No crisis in Scottish policing, says watchdog
There is no crisis in policing” in Scotland despite the current situation with complaints against chief officers, the force’s watchdog has said. Derek Penman, HM Chief Inspector of Constabulary for Scotland (HMCICS), said he believes Police Scotland is well served by the many senior officers, team leaders and support staff managers who provide essential day-to-day leadership across the country. The troubled force is currently without some of its most senior staff, with Chief Constable Phil Gormley placed on ”special leave” in September as allegations of gross misconduct are investigated, and Assistant Chief Constable Bernard Higgins suspended by the Scottish Police Authority (SPA) in November.
Public to be told more about what the police are up to in Dundee
The promise was made by the new chairwoman of the Scottish Police Authority (SPA). Susan Deacon was speaking at an SPA board meeting in the Apex Hotel, two weeks after taking on her new role. Calling for more transparency and clarity, Ms Deacon said: “There has been criticism of the Scottish Police Authority in the past about the way business has been conducted. “I want to do everything in our power to respond to the concerns that have been raised and to promote greater clarity and transparency.” Ms Deacon said she also wanted to have a more “collaborative” approach between the SPA and other local organisations who have an interest in policing.
Forensic officers in Scotland to market their expertise to TV crime shows
Scotland’s forensic teams are set to market their crime-solving expertise to film producers and TV channels – as well as drug testing athletes at professional sports events – in a bid to raise extra money for the service. The growing commercialisation of the unit is part of the wider modernisation of policing in Scotland, which is due to be completed by 2026. Under the plans, forensic teams could be deployed to television studios to construct three-dimensional models that would help writers visualise the storylines they are working on.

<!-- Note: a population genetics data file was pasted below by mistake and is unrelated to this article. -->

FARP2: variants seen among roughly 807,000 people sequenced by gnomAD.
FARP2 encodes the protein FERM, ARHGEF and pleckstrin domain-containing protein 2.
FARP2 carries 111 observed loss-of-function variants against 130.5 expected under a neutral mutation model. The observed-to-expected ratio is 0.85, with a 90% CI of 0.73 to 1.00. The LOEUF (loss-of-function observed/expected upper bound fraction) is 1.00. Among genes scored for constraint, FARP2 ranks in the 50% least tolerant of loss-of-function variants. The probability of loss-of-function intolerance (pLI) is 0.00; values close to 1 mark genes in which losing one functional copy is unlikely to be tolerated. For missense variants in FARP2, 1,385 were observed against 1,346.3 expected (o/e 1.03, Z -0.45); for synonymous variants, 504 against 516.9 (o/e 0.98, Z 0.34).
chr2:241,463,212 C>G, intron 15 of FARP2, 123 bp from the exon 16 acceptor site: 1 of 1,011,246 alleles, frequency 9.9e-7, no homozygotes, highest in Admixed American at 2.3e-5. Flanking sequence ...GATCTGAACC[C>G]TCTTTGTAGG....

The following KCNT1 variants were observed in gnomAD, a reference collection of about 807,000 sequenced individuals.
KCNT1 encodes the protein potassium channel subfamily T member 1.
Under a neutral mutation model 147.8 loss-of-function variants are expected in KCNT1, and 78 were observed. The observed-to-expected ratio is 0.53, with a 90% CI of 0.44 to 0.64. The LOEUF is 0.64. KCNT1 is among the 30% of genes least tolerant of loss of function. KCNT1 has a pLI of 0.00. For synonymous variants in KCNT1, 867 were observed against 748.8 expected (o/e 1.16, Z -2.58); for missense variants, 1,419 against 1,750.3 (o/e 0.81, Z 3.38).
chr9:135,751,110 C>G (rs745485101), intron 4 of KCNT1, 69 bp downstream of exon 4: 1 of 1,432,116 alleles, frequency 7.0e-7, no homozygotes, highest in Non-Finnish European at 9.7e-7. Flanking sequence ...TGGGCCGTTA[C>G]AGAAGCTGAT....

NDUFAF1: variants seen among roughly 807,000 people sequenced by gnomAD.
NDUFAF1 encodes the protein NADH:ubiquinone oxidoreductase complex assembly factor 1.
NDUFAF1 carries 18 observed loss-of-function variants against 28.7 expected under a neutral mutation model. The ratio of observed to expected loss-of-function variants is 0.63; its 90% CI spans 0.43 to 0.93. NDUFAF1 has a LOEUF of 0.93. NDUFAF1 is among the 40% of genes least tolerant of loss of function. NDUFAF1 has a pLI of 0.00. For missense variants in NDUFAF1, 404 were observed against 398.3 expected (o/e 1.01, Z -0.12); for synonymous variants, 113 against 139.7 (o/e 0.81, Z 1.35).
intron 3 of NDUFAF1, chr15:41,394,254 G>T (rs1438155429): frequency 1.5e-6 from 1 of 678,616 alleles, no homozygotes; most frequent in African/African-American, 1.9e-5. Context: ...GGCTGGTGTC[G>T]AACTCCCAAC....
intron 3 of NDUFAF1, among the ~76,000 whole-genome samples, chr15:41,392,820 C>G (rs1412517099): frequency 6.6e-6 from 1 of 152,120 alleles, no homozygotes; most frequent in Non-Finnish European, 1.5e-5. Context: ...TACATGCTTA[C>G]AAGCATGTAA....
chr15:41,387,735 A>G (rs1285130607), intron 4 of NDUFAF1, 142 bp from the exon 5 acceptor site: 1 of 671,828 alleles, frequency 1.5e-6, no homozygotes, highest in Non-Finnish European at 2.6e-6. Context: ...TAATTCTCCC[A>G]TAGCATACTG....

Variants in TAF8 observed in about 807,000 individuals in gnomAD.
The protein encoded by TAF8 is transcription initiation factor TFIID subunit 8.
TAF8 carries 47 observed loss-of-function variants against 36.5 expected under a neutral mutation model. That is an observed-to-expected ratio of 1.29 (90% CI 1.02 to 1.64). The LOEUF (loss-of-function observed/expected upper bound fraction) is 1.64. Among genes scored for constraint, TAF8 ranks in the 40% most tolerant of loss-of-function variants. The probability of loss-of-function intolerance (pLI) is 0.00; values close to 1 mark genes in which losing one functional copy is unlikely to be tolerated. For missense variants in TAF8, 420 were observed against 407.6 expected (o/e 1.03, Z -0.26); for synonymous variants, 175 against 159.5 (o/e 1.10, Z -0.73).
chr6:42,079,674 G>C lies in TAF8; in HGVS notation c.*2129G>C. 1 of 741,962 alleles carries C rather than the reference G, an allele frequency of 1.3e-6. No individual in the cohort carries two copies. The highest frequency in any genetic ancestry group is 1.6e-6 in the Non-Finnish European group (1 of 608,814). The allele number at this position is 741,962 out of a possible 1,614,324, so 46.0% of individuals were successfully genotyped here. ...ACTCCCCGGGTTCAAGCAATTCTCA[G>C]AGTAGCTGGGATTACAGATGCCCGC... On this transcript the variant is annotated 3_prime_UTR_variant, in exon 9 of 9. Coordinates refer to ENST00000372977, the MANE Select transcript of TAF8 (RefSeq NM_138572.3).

Glasgow cops could use drones that see in the dark for spy missions
Intelligent drones that can see in the dark will be used for secret police spy missions, Police Scotland has said. Drones equipped with “intelligent computer systems and thermal imaging” are being developed by Scottish universities for use by the force. Plans are already under way to purchase two relatively low-tech off the shelf drones for Aberdeen and Inverness, primarily for use in missing persons searches.
Scottish rape victims ‘listened’ to with £2 million service boost
More than £2 million is to be invested to improve services for victims of rape and sexual assault following a critical watchdog report. The £2.25 million will help fund a standardised national written exam for forensic examiners and train more female examiners, as most victims prefer to be examined by a woman but this is currently not possible. It will also enable more examinations to be carried out in health clinics or social care facilities rather than in police premises. The investment follows a report from HM Inspectorate of Constabulary in Scotland (HMICS) earlier this year which said Scotland was “well behind” the rest of the UK when it came to having facilities which met both the needs of victims and the necessary forensic requirements.
Investigation into Lockerbie prosecutors nearing completion
Retired detectives, former prosecutors who now serve as judges and expert witnesses in the Lockerbie case will learn early in the new year if they will be charged with criminal conduct. Police Scotland said yesterday that Operation Sandwood, their investigation into claims of criminality by investigators and prosecutors, was at the reporting stage and was well advanced. The evidence uncovered will set the ball rolling on what could be the final act in the drama surrounding the bombing of Pan Am Flight 103, which claimed the lives of 270 people on December 21, 1988.
Fresh backing for drug consumption rooms could see Glasgow addicts given safe space to use
MP Ronnie Cowan says there is growing evidence that Drug Consumption Rooms have a positive effect. Plans for drug consumption rooms in Glasgow and across Scotland have been given fresh backing. The Home Office stalled plans earlier this month by saying creating a safe space for addicts to use drugs would be illegal.